So this happened yesterday. Pat Robertson took new steps in considering the relationship between faith and learning. On his long-running 700 Club, he explained why we don’t see miracles in America — it’s because of Ivy League schools. It’s the focus on “skepticism and secularism”. Africans, he says, lack that kind of formal education and are more willing to accept miracles for the sake of miracles.
It makes me stop and wonder why we so quickly pose education as an enemy of simple faith. Our search for reasoned answers and careful exploration of natural and social sciences may be contrasted to a particular form of blind near-superstition. But I’d argue that this supposed contrast isn’t helpful to the church, its institutions of higher education, or society in general.
For one thing, there are many faculty members at Ivy League schools who are neither skeptics nor secularists. They are careful scholars attempting to learn what they can about the world. They may not express their faith (even if a humanistic faith) in language that certain church folk would recognize but the secularist caricature isn’t warranted.
For another, the idea that exploration and questioning are anathema to faith does not stand historical scrutiny. Much of the history of science is the story of linkages between new frontiers of learning and new affirmations of faith. These may not come right away, as Thomas Kuhn reminds us, but eventually new paradigms begin to resolve prior anomalies.
When we insist on such a sharp division of faith and learning, we manage to communicate to our students that they should live compartmentalized lives: one set of behaviors for classes or work and another set of behaviors for chapel or church. We teach them to shift roles sharply depending on the demands and play out their parts accordingly. And then we have workshops on why students don’t develop deep character.
It’s not just Rev. Robertson who’s concerned about these elite schools. Today’s Chronicle had this story on how the National Association of Scholars had issued a 377 page report documenting how Bowdoin College suffered from a “moral deficit”. The critique is that the school is characterized by groupthink that marginalizes conservative thought. At the heart of the problem, according to the NAS, is that BC abandoned its general education program 44 years ago(!) in favor of letting students plan their own education. The Chronicle story explains that William Bennett (is he still around?) wrote that “Bowdoin illustrates the intellectual and moral deficit of the American academy.”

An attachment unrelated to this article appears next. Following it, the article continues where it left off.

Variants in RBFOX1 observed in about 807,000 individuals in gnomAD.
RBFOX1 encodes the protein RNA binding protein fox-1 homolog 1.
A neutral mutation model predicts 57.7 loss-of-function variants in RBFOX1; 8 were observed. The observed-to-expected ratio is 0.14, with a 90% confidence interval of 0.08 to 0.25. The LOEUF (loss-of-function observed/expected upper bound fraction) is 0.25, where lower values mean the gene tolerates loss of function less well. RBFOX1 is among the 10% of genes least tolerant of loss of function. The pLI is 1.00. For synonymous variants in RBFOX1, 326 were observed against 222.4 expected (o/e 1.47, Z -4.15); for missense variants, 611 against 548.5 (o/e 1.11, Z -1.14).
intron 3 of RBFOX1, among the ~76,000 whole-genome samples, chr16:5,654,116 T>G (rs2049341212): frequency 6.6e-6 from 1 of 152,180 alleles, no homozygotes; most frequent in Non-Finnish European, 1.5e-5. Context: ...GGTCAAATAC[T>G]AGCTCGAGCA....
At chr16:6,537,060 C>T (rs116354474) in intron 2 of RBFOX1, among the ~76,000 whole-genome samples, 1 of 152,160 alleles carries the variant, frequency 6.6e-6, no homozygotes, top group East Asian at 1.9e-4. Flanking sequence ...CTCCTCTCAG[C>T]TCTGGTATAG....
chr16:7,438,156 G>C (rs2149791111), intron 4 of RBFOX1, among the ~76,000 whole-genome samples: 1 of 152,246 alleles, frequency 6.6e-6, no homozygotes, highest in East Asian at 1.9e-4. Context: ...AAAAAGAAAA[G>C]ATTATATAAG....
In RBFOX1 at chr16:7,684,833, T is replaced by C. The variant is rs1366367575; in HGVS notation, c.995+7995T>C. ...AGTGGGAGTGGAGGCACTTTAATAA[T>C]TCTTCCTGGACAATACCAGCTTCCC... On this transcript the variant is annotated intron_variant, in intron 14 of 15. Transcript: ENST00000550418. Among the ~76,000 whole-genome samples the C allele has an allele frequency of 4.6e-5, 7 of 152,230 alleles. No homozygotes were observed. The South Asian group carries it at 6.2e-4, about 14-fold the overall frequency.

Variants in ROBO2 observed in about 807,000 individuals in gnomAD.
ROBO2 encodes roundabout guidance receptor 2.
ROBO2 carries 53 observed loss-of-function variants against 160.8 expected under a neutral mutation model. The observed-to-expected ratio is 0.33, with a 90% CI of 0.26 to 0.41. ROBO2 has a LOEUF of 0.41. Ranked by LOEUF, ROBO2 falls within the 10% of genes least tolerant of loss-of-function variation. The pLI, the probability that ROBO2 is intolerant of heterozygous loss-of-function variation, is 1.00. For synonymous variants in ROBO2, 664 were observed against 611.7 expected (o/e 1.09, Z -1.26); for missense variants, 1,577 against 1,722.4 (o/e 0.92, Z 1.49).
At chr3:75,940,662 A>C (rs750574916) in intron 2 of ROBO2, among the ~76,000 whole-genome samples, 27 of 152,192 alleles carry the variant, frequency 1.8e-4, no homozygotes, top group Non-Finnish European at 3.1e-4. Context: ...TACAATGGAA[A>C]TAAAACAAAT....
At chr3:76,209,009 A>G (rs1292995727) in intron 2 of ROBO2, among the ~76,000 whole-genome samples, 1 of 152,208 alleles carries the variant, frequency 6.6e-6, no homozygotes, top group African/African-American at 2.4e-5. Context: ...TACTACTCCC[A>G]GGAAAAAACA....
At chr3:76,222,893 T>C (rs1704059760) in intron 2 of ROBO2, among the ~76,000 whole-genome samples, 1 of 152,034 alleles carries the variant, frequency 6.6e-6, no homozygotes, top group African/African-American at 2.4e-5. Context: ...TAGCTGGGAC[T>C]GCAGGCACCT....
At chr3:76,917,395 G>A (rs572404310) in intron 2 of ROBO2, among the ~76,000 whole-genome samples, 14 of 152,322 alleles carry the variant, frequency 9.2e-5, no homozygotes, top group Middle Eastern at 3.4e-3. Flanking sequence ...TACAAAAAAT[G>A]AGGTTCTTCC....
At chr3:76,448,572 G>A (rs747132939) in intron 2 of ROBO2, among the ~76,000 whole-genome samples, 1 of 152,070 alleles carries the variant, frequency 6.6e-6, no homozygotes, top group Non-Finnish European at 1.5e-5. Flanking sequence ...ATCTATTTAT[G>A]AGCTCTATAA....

Bowdoin is one institution with under 1800 students. I’m impressed that this school near Portland, Maine, represents the moral failure of modern education. This is especially remarkable because my spell check doesn’t recognize Bowdoin (did you mean Bowfin?)
Why do conservative voices place the problems of modern education in the lack of mandated course curriculum of a certain type? During the Republican primaries, Rick Santorum kept repeating that the University of California schools don’t require US History (this was debunked more times that you can count).
We can’t identify the past methods of curriculum as inviolate approaches to learning (or faith). We find new way of learning and teaching, we find ways of incorporating new methods and insights, and we engage our students where they are. Besides, can we really argue that having students make sense of their own educational pathways is really a BAD thing?
I have long looked at the methods of instruction these folks prefer as an expression of their own educational experiences. The NAS scholars want a revisionist history taught. Pat Robertson wants us to trade learning for the trusting faith of Africans (I haven’t even addressed the serious racial and colonial implications of this). They seem to want the educational experience that “worked for them” even though it hasn’t been sufficient to develop bold, forward-thinking leadership.
But maybe the insistence on denouncing academe instead of seeing learning as a valuable avenue forward is what got us into the current national impasse on a number of topics. Maybe we could figure out gun safety issues and the 2nd amendment, infrastructure spending and deficit control, environmental challenges and economic well-being, if we were willing to be a little less afraid of learning something.